In the Canadian War Cemetery in Agira, Italy, 490 identical headstones reach across a gently sloping hillside. In the centre, the Cross of Sacrifice, representing those who have no known grave, stands guard.
Mount Etna looms in the distance. In silence, members of Task Force Libeccio pay tribute to the memory of Canadian soldiers who lost their lives in Sicily during the Second World War.
On July 10, 1943, the lead elements of the 1st Canadian Infantry Division and the 1st Canadian Army Tank Brigade landed at Pachino in southeast Sicily as part of Operation Husky, the first Allied amphibious attack on the Axis powers in Europe. Op Husky launched the Allied campaign in Italy, which took Fascist Italy out of the war and compelled Nazi Germany to redouble its efforts in the Mediterranean theatre, weakening the forces fighting on the Eastern front.
Sicily’s sprawling valleys, high mountain ridges and deep rivers provided the retreating Axis forces with excellent defensive terrain, and the Allied armies paid dearly for every step of their advance.
Sicily was the baptism of fire for the Canadian Army serving overseas in the Second World War, and 562 soldiers are known to have lost their lives there. Agira was captured by the 1st Canadian Division on July 28, 1943, and chosen a few weeks later as the burial site for Canadians who died fighting in Sicily.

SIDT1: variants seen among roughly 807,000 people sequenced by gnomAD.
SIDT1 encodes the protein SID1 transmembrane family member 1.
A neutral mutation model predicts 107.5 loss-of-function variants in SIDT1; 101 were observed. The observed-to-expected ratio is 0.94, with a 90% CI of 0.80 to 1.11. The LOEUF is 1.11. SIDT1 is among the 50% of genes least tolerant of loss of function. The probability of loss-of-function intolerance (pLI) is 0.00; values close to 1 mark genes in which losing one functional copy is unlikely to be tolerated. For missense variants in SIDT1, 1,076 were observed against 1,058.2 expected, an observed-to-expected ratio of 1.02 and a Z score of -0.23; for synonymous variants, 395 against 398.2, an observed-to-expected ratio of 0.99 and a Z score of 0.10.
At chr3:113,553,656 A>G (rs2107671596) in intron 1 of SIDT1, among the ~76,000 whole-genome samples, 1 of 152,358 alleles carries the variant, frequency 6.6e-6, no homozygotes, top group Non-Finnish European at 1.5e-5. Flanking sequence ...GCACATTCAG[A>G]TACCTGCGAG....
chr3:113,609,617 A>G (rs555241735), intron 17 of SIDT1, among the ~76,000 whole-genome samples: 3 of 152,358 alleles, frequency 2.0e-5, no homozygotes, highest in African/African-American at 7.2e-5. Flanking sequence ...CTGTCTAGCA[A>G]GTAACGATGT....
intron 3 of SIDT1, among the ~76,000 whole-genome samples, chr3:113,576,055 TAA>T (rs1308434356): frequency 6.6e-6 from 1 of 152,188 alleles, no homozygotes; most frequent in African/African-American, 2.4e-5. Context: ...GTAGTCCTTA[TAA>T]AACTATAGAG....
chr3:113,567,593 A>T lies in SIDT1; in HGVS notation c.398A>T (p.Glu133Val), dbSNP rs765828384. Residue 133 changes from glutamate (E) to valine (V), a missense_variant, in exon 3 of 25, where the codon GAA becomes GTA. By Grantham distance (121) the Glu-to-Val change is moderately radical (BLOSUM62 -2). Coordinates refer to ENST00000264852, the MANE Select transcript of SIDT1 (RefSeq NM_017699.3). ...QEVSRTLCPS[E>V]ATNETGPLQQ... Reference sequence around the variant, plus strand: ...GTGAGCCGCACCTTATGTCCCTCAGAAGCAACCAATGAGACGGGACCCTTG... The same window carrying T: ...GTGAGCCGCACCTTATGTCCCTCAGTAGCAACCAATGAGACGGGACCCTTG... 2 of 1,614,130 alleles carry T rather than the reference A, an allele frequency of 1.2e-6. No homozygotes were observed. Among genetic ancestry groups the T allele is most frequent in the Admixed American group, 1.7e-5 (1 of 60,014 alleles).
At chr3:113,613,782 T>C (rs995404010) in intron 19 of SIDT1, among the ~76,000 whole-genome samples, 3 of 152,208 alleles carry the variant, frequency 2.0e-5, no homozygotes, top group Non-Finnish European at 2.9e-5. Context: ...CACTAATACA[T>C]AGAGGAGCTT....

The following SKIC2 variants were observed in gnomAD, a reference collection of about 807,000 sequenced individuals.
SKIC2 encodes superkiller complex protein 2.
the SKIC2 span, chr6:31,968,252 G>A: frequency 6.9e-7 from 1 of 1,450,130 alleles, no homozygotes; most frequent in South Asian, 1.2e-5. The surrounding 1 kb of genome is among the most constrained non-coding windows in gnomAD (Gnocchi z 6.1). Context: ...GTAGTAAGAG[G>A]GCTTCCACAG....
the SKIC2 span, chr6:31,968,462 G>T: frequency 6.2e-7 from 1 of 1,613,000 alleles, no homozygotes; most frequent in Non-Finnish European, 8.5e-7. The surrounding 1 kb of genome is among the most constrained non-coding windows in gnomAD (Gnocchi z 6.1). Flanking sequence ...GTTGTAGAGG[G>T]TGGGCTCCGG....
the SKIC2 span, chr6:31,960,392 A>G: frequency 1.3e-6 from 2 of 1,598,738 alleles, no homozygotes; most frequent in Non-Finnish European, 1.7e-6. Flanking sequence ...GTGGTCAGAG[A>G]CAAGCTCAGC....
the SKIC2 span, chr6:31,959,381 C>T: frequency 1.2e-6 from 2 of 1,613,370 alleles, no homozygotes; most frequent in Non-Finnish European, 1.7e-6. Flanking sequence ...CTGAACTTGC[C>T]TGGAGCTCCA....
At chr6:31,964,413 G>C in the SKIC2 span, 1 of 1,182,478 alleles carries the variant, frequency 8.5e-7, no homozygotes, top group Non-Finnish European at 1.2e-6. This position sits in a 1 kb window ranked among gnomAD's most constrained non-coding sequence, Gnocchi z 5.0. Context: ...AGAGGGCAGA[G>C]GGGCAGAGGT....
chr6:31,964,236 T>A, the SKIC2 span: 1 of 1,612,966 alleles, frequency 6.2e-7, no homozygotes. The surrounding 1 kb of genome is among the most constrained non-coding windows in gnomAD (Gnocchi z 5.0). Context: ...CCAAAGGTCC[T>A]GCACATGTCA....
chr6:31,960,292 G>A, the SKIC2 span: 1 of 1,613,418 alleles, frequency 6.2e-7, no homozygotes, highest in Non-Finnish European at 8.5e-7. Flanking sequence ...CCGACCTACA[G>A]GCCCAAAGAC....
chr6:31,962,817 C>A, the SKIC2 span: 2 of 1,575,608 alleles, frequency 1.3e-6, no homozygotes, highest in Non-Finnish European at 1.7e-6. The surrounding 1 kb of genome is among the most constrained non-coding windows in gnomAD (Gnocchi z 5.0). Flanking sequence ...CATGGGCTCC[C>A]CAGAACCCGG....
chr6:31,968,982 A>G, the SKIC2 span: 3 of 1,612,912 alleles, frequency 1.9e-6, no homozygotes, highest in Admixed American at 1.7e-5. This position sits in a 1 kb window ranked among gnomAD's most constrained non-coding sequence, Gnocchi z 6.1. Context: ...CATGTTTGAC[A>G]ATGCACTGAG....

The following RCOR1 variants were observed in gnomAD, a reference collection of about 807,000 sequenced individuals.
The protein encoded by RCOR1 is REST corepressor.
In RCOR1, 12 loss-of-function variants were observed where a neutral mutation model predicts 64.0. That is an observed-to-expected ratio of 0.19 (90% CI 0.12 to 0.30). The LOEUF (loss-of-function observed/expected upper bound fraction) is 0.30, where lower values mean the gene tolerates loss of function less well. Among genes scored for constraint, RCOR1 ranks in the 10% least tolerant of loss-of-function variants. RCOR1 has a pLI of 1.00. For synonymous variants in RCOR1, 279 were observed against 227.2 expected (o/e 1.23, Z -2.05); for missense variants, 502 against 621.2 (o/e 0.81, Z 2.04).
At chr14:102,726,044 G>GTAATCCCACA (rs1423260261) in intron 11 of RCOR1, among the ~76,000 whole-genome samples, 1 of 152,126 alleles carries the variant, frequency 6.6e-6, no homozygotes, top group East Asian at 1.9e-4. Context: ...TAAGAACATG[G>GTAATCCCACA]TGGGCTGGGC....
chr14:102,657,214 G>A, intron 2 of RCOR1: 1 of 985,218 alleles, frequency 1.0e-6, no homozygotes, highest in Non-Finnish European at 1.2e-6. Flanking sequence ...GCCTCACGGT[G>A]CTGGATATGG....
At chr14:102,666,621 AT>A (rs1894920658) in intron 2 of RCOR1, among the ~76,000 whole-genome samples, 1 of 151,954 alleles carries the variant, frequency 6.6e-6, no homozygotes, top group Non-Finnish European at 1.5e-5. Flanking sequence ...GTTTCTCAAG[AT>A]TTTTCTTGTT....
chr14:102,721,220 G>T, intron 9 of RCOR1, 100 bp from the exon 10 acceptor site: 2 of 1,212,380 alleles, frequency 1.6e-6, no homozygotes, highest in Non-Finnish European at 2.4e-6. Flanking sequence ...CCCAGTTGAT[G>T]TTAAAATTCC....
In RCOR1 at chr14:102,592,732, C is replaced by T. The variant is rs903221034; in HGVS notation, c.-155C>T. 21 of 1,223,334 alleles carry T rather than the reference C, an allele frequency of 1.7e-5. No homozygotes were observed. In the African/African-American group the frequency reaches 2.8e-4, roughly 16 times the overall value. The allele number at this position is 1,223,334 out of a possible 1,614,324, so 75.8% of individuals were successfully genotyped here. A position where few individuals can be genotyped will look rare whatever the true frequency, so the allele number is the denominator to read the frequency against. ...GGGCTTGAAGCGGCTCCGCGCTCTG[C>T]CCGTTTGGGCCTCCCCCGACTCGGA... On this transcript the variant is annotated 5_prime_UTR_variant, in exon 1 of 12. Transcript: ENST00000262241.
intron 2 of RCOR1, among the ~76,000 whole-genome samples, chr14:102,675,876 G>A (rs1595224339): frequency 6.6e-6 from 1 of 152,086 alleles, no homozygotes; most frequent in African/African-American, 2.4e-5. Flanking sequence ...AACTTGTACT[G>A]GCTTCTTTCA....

Despite the high tempo of flying operations, about 20 members of the Trapani detachment made the three-hour trek to Agira in mid-May to remember those who laid down their lives for freedom.
“The Canadian Forces members buried in this cemetery made the ultimate sacrifice for a foreign land and the people of Italy,” said Lieutenant (Navy) Jean-Francois Petitpas, Task Force Libeccio chaplain. “Their sacrifice continues through Canadian Forces members who have served and continue to serve throughout the world.”
An unexpected addition to the parade was the presence of Solange Levesque, and her daughters Guylaine and Melanie Roy, of Bathurst, N.B., who came to Agira on a pilgrimage in memory of Ms. Levesque’s father, Corporal Thomas Levesque of Princess Patricia’s Canadian Light Infantry. He fought at Agira in 1943, soldiered through Italy, and eventually made it home safely.
“He was supposed to come here before he died, but he passed away when he was only 62,” said Guylaine Roy. “We wanted to do this for him.”